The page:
Secret Americans: The Uncomfortable Conversation on Immigration

Esmy Jimenez

Type the word ‘immigration’ into a mere search engine and national headlines appear. As of late, it seems to be the hot topic for politicians and the public alike. On Wednesday February 27th, USC had the opportunity to learn about the controversial conversation as renowned journalist Jose Antonio Vargas visited and spoke about his personal experience as an undocumented immigrant.

Brought to America from the Philippines at the age of 12, Vargas was not aware of his legal status until he attempted to get his driver’s license. Turned away and told to never return, a 16-year-old Vargas turned to writing. With the help of his high school, he secured a private scholarship and went on to attend San Francisco State University, interning for newspapers like The Washington Post during the summer. After nearly a decade of coverage on subjects ranging from the AIDS epidemic to video game development and even the Presidential elections, Vargas and his team were awarded the 2008 Pulitzer Prize for their coverage on the Virginia Tech shooting.

It wasn’t until 2011, however, that Jose Antonio Vargas was honest about his status and ‘came out’ using The New York Times as his platform. Determined to create a discussion from the mess that is immigration, he also started Define American, a non-profit project aimed at furthering the conversation on the different aspects of immigration. During his speech he hit upon the economic benefits of passing comprehensive immigration reform while also explaining many common misconceptions surrounding the topic like the idea that undocumented immigrants do not pay taxes and are a burden on the economy.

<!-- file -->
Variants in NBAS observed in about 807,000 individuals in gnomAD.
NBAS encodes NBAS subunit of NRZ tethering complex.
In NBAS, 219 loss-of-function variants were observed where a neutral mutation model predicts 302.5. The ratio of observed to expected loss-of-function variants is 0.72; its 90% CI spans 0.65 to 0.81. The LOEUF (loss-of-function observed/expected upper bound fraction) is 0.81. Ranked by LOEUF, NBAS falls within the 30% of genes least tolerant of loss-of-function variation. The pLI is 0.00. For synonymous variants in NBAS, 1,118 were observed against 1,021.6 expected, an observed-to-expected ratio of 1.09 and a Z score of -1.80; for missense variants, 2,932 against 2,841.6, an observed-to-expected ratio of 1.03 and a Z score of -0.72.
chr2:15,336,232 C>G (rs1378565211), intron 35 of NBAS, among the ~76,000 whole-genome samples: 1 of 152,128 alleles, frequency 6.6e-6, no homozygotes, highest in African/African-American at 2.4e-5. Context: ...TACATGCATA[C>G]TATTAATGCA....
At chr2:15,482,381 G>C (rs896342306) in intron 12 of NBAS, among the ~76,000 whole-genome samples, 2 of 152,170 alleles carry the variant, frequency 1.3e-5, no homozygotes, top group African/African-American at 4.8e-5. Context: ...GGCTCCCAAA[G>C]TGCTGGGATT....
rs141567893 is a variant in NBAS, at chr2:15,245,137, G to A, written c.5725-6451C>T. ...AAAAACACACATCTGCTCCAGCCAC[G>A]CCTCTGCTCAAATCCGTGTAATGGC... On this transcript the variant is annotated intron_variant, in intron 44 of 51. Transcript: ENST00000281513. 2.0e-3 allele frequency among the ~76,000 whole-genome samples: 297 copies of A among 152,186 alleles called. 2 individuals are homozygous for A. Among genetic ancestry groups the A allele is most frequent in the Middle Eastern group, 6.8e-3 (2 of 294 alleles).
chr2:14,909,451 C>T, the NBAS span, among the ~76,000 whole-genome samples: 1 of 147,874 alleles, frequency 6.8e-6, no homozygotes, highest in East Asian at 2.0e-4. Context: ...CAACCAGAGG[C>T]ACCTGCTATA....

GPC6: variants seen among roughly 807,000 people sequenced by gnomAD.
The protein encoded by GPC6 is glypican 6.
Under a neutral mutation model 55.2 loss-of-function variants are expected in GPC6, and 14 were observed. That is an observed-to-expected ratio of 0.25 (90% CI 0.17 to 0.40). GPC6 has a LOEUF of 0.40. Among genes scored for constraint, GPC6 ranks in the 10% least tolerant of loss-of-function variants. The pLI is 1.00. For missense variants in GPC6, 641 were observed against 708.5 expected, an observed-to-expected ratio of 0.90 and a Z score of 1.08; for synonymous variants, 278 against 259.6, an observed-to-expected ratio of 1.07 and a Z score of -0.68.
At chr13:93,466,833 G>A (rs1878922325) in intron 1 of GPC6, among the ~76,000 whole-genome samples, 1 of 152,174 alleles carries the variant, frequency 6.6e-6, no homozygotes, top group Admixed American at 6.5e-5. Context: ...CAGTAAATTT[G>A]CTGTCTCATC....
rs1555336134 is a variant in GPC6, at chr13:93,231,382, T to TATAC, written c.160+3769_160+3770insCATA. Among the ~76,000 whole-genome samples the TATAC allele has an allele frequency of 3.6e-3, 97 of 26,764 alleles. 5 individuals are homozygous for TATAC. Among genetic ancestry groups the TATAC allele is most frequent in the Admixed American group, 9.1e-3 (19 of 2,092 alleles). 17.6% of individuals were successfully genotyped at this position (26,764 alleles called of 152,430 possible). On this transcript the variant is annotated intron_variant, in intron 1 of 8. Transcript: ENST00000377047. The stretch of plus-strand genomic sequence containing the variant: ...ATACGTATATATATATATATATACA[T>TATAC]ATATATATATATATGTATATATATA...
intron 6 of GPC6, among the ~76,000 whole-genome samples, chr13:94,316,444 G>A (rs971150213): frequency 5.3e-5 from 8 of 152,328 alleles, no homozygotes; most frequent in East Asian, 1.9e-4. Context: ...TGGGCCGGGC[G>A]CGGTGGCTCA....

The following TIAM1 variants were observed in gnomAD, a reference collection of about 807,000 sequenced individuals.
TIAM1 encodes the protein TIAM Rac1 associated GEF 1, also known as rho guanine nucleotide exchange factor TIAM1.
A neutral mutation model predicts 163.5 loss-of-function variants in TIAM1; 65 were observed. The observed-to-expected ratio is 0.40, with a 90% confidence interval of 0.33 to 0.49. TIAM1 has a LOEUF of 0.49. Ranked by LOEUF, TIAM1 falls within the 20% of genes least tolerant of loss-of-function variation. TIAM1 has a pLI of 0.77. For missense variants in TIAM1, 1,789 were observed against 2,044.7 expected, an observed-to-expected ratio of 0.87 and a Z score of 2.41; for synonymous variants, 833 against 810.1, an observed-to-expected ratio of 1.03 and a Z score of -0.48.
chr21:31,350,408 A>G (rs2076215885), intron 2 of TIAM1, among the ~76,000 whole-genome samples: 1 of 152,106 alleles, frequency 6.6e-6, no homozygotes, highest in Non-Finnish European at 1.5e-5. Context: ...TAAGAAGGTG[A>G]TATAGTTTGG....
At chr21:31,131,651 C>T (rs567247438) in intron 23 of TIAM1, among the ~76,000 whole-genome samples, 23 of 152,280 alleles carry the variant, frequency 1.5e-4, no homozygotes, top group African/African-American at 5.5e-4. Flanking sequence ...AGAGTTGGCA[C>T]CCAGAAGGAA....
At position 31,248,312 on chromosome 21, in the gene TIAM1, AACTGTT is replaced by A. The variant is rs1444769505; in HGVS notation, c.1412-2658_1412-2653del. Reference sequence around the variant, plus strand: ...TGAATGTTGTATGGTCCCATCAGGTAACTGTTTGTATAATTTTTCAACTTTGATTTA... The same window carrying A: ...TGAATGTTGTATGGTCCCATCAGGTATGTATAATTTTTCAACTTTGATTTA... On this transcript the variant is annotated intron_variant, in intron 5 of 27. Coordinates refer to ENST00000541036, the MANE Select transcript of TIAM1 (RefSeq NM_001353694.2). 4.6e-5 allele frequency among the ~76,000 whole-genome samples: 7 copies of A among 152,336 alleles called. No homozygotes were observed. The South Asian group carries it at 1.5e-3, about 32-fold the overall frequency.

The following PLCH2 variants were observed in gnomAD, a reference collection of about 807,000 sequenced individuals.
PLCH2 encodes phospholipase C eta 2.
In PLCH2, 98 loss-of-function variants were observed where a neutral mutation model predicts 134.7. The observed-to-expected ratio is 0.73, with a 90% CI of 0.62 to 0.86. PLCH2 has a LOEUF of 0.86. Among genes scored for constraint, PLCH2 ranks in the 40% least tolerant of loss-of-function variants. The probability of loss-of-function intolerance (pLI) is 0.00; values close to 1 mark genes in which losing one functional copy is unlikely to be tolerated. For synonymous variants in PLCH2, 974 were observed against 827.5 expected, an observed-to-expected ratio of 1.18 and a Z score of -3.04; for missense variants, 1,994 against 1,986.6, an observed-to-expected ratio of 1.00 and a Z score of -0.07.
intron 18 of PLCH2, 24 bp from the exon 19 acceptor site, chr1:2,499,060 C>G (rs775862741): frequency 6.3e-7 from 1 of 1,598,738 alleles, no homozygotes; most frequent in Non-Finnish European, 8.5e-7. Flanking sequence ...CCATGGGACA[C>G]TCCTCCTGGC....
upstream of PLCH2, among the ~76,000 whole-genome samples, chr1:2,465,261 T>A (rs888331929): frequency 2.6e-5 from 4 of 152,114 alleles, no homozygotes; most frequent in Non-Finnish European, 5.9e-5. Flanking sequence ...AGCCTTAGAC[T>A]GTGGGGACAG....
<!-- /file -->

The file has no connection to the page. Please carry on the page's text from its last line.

Vargas also reached out to the IDEAS club on campus (the Improving Dreams, Equality, Access, and Success Movement focused on creating a safe space for allies and undocumented students while promoting immigration reform), urging them to reach out to other student organizations like the Black and Latino Student Assemblies, the Asian Pacific Student Alliance and the Student Coalition Against Labor Exploitation to form a relationship between different organizations.

Through unity, he urged, a greater impact and a greater movement would be formed. Rather than think of the issue as a Mexico-US border dispute, he explained this affected more than just the stereotypical ‘brown’ immigrants. With estimates of nearly 1 million Asian Pacific undocumented immigrants and even 300,000 undocumented Europeans, Jose Antonio Vargas explained that immigration was a universal issue affecting us all whether directly or indirectly as consumers, tax payers and simple human beings.

“I’m an American. I’m just waiting for my country to recognize it.” Vargas ended. As the crowd erupted into cheers, we all imagined a stronger, more unified America. Now more than ever, we all need to have the uncomfortable conversation and let our secret Americans come forth and join us in the light.

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